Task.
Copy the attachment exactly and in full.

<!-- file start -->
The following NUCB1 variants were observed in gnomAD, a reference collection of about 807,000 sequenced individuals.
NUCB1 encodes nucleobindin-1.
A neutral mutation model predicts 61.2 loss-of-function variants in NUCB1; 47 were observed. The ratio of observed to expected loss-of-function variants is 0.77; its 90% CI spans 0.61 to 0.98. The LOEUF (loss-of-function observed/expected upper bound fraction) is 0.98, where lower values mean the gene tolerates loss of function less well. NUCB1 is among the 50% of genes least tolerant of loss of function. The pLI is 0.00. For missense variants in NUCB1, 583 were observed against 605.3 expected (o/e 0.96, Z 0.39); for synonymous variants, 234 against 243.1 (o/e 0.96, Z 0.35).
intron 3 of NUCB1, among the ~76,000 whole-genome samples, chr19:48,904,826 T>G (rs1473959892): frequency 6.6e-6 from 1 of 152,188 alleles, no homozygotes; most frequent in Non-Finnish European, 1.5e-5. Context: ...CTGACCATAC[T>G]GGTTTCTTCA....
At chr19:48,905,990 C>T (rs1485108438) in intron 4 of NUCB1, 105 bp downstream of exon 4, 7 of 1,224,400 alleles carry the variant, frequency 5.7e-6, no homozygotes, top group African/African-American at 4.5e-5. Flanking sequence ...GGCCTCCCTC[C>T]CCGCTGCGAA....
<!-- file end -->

The following NUCB1 variants were observed in gnomAD, a reference collection of about 807,000 sequenced individuals.
NUCB1 encodes nucleobindin-1.
A neutral mutation model predicts 61.2 loss-of-function variants in NUCB1; 47 were observed. The ratio of observed to expected loss-of-function variants is 0.77; its 90% CI spans 0.61 to 0.98. The LOEUF (loss-of-function observed/expected upper bound fraction) is 0.98, where lower values mean the gene tolerates loss of function less well. NUCB1 is among the 50% of genes least tolerant of loss of function. The pLI is 0.00. For missense variants in NUCB1, 583 were observed against 605.3 expected (o/e 0.96, Z 0.39); for synonymous variants, 234 against 243.1 (o/e 0.96, Z 0.35).
intron 3 of NUCB1, among the ~76,000 whole-genome samples, chr19:48,904,826 T>G (rs1473959892): frequency 6.6e-6 from 1 of 152,188 alleles, no homozygotes; most frequent in Non-Finnish European, 1.5e-5. Context: ...CTGACCATAC[T>G]GGTTTCTTCA....
At chr19:48,905,990 C>T (rs1485108438) in intron 4 of NUCB1, 105 bp downstream of exon 4, 7 of 1,224,400 alleles carry the variant, frequency 5.7e-6, no homozygotes, top group African/African-American at 4.5e-5. Flanking sequence ...GGCCTCCCTC[C>T]CCGCTGCGAA....